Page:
The impact of climate change on agriculture
11 April 2022
Food and agriculture are the leading cause and most promising remedies for climate change. The theme of this year’s World Environment Day, which took place on June 5, 2021, was to prevent, halt, and reverse environmental damage to our planet’s ecosystems. To commemorate this day, we wanted to recognize the tenacious and resourceful farmers we have the privilege of collaborating with and who are helping to heal their communities’ ecosystems. How will climate change affect global food production in the future?
Impacts on Agriculture
- Agriculture is a key contributor to climate change and the greenhouse effect by emitting greenhouse gases. On the other hand, climate change is having far-reaching consequences on agricultural production, posing a future threat to food security.
- Currently, the major barrier to food security is food access. Even though much food is produced to feed the world’s present population, over 10% of the population is malnourished.
- Food insecurity is projected to worsen due to climate change, which is expected to raise food prices and reduce food output. When energy prices rise due to climate change mitigation efforts, food may become more expensive.
- Water required for food production may become scarce due to rising crop water demand and drought. Competition for land may develop when certain climates become unsuitable for production.
- Furthermore, extreme weather events connected to climate change may result in sharp drops in agricultural productivity, leading to rapid price increases. Heatwaves, for example, caused output losses in important production areas such as Russia, Ukraine, and Kazakhstan in the summer of 2010, resulting in a dramatic rise in the price of staple goods.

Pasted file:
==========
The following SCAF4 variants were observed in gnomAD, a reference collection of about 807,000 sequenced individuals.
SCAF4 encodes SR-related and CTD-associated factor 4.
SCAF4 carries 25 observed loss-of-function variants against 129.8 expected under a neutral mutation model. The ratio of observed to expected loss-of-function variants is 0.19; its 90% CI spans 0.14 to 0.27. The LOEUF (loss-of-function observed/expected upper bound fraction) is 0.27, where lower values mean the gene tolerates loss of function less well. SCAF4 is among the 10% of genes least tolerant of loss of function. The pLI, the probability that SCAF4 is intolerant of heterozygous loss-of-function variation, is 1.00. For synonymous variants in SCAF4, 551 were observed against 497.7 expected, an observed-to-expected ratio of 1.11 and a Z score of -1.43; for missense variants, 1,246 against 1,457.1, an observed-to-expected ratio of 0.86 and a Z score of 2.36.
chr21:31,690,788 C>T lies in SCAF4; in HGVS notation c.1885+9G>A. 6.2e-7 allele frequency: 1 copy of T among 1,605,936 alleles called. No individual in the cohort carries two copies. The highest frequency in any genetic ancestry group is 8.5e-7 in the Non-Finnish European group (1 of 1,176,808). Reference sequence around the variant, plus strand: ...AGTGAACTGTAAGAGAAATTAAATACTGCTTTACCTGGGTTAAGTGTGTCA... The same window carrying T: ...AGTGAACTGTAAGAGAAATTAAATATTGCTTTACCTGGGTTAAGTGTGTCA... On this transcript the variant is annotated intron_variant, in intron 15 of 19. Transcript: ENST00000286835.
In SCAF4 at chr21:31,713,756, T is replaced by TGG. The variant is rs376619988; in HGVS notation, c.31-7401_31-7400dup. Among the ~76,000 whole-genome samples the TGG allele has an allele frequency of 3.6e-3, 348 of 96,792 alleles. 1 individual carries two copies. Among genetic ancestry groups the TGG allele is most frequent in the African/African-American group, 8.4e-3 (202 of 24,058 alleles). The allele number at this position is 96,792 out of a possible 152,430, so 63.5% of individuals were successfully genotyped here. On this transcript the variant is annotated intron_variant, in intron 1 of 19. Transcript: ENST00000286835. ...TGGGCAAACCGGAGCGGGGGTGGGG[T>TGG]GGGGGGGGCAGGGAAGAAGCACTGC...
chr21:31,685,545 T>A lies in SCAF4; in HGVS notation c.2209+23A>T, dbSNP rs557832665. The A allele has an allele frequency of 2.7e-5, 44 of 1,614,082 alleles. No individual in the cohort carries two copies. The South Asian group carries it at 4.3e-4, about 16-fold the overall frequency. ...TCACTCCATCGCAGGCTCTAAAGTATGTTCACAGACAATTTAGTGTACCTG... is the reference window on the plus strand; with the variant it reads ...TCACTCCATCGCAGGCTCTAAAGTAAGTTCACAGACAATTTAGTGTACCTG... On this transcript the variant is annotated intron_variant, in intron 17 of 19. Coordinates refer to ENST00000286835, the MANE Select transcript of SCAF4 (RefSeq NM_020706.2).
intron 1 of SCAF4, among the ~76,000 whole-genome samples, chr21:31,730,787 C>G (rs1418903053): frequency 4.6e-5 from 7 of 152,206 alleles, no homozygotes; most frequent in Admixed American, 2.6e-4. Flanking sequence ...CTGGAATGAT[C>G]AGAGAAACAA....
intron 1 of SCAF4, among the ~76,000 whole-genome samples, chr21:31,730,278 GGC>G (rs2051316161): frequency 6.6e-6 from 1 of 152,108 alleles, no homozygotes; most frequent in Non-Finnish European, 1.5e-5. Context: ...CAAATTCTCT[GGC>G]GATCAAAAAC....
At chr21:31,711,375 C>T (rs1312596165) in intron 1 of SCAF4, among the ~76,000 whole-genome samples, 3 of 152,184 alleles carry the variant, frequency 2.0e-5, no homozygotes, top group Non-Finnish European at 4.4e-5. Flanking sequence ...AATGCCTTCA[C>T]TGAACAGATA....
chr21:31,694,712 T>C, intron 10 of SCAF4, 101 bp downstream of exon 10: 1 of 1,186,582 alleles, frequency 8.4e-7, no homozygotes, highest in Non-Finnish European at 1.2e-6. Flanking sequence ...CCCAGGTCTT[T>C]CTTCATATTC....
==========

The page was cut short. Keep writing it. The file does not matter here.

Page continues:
- Heat waves (periods of extremely high temperatures) are expected to grow more common, posing a significant threat to agriculture. Heatwaves can cause heat stress in animals and plants, as well as a reduction in food production. Extremely high temperatures are particularly damaging to crop production if they occur when the plants are flowering; if this single, crucial stage is disturbed, the plants may not produce any seeds. Heat stress in animals can result in decreased productivity and fertility.
- Warming is already underway, and higher-than-expected increases in heatwave frequency and size all point to an increase in heatwaves. Heatwave frequency and amplitude are impossible to forecast in the future, but projections show that both will continue to rise in the UK, Europe, and globally. Heatwaves are predicted to have a non-uniform impact, with less developed countries suffering disproportionately. They may exacerbate existing food security challenges when combined with other components of climate change, such as increased drought frequency.